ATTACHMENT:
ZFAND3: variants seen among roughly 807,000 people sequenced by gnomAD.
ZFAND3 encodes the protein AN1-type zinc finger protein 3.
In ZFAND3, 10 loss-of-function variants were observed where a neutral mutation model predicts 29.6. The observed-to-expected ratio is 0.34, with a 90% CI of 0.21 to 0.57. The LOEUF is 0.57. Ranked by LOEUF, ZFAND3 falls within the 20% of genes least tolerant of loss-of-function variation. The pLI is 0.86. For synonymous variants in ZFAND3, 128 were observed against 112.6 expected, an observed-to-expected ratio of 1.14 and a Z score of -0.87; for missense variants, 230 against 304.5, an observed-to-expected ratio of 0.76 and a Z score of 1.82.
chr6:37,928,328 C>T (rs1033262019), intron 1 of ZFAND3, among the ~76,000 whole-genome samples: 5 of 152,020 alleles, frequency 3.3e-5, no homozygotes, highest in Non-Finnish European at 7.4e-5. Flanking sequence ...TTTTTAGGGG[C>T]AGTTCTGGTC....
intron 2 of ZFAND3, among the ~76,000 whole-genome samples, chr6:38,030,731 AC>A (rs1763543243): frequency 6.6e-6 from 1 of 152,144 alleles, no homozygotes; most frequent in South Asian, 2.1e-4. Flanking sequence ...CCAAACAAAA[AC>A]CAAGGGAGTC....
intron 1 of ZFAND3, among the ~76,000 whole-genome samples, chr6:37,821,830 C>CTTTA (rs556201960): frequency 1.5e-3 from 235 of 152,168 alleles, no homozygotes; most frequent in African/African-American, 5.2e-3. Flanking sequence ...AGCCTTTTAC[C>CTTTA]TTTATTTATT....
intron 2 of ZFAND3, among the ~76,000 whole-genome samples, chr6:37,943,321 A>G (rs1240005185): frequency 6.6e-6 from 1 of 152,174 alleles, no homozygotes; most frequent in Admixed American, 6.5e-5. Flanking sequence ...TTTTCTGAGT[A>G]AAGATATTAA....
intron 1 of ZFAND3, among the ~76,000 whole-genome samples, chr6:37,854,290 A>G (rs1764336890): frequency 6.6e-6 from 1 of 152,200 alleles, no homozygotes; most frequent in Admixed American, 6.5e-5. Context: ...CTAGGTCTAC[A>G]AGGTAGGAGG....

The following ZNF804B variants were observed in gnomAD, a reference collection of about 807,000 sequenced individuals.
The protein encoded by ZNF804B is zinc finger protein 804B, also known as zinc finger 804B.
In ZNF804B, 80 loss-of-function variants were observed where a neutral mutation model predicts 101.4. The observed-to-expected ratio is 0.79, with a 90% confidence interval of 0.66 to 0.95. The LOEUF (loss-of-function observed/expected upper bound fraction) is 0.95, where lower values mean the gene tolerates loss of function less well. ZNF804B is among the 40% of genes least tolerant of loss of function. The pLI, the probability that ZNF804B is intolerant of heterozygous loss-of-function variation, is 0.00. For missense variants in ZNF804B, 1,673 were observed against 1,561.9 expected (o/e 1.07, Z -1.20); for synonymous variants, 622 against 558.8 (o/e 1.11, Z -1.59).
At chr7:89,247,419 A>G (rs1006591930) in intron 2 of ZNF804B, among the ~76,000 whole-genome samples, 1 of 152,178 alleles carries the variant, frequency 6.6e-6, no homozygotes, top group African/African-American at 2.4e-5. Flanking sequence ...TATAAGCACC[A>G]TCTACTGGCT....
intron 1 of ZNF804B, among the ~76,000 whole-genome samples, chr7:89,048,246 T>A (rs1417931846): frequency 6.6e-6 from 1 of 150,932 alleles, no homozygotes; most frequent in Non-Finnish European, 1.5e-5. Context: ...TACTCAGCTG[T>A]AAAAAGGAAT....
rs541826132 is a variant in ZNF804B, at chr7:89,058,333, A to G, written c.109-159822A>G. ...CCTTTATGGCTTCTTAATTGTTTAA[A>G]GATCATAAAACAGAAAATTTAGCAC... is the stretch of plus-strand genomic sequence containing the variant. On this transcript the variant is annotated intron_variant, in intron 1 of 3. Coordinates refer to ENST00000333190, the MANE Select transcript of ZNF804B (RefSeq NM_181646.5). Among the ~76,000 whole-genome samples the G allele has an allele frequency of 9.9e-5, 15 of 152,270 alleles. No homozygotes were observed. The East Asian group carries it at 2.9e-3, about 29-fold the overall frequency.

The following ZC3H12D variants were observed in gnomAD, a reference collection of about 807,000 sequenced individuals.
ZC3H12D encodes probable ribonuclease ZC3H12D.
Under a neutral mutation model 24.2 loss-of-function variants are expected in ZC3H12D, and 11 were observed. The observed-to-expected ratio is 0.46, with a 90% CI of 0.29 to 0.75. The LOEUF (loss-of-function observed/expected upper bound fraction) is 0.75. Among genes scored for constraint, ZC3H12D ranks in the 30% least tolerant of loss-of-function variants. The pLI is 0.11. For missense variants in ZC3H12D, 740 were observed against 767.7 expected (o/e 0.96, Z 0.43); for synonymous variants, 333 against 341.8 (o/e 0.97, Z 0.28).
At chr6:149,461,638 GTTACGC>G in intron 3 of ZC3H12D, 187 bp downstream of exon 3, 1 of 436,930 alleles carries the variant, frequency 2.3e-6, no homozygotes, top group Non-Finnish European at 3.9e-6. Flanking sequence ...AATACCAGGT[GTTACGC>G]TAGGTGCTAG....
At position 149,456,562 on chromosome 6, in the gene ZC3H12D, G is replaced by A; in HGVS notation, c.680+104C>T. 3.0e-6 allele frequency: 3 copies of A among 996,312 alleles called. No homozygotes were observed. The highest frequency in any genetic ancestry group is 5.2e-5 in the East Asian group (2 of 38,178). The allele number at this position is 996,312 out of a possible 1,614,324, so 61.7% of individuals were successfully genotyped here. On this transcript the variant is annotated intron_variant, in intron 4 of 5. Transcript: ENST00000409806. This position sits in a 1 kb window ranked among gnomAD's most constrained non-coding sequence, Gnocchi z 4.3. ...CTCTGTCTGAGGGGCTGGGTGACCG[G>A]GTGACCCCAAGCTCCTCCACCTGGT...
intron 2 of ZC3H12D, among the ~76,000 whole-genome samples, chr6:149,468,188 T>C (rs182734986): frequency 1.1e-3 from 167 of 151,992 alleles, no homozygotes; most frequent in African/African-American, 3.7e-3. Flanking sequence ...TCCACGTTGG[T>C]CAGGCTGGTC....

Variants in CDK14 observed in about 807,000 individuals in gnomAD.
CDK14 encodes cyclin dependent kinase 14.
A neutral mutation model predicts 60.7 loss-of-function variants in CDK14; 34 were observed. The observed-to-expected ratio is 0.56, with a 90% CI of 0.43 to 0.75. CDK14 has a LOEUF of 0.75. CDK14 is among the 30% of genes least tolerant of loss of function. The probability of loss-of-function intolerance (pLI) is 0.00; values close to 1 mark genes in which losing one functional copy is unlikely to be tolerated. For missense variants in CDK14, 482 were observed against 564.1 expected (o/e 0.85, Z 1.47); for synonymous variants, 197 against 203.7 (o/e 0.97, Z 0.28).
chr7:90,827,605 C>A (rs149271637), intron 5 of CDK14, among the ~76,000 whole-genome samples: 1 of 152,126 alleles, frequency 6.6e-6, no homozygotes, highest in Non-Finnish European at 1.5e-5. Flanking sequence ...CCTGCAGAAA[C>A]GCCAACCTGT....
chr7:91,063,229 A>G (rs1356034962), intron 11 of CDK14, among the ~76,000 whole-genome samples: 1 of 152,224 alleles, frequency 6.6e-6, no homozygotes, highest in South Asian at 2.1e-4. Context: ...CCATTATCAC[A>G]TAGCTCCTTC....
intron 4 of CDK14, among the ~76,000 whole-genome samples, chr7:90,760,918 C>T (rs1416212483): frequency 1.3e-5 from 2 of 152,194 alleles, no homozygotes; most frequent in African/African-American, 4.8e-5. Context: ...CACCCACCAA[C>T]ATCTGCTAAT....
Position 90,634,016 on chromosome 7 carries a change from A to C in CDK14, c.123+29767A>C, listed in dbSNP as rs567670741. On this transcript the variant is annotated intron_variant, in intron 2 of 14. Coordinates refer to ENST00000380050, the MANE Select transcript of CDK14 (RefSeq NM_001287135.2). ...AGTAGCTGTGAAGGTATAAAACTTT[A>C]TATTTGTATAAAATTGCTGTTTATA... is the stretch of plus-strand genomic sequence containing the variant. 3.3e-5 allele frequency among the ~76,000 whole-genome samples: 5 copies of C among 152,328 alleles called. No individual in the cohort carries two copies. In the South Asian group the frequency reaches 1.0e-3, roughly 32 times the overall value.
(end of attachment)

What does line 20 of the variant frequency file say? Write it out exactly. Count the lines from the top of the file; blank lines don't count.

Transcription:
intron 2 of ZC3H12D, among the ~76,000 whole-genome samples, chr6:149,468,188 T>C (rs182734986): frequency 1.1e-3 from 167 of 151,992 alleles, no homozygotes; most frequent in African/African-American, 3.7e-3. Flanking sequence ...TCCACGTTGG[T>C]CAGGCTGGTC....